The tasting room has an expandable table with benches. The owner wanted it to be a place he and his wife and their friends would enjoy lingering with glasses of wine and food.
"We entertain in here a lot. We can put sweaters on and have dinner in here," he says. "It's fun to share. That's what life's all about."
If he could plan his last meal on earth, the wine collector says he would drink a bit of Krug-Collection champagne, some white Domaine Leroy Corton-Charlemagne Grand Cru, maybe some red Domaine de la Romanée Conti La Tâche Monopole Grand Cru, and finish things off with a Sauterne from Château D'Yquem, each with the appropriate dish, of course.
"Over-the-top on the wine," he says, "and understated on the food."
Drinking wine is just another day at the office for Jerry Edwards. As owner of the catering company Chef's Expressions, Edwards spends much of his time planning menus, which invariably involves tasting wines and matching them with food.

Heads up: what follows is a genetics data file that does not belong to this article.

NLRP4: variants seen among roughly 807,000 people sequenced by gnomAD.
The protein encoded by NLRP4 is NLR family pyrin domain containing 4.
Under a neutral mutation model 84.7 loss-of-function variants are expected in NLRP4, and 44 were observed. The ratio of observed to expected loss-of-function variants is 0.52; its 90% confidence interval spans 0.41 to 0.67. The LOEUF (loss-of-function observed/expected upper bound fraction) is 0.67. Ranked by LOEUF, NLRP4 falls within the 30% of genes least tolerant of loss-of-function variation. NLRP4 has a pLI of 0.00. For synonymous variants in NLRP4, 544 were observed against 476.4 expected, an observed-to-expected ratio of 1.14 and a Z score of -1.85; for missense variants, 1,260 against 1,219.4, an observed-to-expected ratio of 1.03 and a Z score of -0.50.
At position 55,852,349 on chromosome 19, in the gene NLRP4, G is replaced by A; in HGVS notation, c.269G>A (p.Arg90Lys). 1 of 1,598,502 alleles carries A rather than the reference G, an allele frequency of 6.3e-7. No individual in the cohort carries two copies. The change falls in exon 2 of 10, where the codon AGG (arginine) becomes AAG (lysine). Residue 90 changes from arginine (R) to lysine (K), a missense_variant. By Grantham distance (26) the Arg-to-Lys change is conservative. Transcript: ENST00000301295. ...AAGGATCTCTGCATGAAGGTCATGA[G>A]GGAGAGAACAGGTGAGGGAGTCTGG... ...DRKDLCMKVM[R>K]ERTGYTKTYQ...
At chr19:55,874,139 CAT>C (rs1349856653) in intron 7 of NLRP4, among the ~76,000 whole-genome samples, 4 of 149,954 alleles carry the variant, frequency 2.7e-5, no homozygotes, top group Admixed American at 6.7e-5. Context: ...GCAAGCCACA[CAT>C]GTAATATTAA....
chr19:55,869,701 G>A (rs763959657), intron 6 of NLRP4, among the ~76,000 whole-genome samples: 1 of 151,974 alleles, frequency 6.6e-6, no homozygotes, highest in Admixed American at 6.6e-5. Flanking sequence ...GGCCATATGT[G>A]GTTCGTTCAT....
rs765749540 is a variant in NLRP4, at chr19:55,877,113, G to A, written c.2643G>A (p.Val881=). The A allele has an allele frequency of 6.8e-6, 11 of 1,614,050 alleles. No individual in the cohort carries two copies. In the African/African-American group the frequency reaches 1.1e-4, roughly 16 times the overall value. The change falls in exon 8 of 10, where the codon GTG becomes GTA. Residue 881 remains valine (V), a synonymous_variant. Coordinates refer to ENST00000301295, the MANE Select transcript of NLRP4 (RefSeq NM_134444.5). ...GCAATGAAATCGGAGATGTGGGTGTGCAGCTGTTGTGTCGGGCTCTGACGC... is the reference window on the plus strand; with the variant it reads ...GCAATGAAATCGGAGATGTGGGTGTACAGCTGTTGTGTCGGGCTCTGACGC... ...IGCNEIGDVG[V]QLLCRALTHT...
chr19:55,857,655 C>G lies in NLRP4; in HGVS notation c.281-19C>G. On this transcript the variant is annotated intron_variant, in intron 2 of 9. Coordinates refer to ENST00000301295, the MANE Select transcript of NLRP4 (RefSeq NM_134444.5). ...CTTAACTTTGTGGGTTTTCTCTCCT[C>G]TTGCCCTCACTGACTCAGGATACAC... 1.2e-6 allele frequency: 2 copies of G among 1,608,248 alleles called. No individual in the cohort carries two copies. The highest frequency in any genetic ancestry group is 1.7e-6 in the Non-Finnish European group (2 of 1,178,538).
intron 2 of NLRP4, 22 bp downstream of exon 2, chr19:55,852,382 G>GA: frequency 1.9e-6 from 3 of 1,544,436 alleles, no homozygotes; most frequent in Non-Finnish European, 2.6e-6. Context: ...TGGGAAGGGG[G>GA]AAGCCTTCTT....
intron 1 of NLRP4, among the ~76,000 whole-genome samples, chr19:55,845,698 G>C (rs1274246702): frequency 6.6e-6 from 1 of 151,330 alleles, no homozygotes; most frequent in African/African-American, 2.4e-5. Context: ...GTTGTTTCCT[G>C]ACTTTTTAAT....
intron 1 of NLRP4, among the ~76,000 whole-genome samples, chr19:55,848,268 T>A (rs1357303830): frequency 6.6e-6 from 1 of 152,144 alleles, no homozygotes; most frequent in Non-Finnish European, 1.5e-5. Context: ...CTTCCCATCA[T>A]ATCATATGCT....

Edwards, who loves to entertain, built his wine cellar last January as part of an addition to the Timonium home he has lived in for 10 years. He wanted a large open space for entertaining clients and friends, so he realigned his driveway and added a kitchen and living area where the driveway had been. The garage was converted into a 14-by-18-foot wine cellar that opens into the new living space.
Because Edwards had a wine cellar in his previous home, he had a pretty good idea what he wanted, and drew up the floor plan himself. He says he did not want his cellar to look like a wine shop, or a slick ad in a wine magazine.